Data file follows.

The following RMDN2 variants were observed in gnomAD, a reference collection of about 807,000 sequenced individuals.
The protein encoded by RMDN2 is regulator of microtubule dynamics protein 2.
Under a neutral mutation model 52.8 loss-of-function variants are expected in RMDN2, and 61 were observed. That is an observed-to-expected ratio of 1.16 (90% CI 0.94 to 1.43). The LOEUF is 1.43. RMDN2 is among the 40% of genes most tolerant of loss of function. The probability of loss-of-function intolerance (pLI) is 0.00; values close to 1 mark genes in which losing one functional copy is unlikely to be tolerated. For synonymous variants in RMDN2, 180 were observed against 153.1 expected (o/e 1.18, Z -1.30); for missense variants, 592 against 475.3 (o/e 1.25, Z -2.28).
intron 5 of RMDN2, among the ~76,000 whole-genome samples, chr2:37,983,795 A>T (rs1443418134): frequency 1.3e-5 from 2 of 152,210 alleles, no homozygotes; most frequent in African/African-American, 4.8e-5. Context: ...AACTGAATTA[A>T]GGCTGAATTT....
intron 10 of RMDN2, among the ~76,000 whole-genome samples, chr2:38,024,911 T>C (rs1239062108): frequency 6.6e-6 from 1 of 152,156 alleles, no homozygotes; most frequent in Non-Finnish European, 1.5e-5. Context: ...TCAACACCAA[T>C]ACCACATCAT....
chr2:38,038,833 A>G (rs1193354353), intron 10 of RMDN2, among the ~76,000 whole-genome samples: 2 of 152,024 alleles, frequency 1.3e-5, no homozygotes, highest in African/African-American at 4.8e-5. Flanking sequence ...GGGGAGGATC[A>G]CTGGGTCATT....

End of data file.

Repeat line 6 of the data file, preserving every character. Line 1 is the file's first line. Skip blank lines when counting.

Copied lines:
chr2:38,038,833 A>G (rs1193354353), intron 10 of RMDN2, among the ~76,000 whole-genome samples: 2 of 152,024 alleles, frequency 1.3e-5, no homozygotes, highest in African/African-American at 4.8e-5. Flanking sequence ...GGGGAGGATC[A>G]CTGGGTCATT....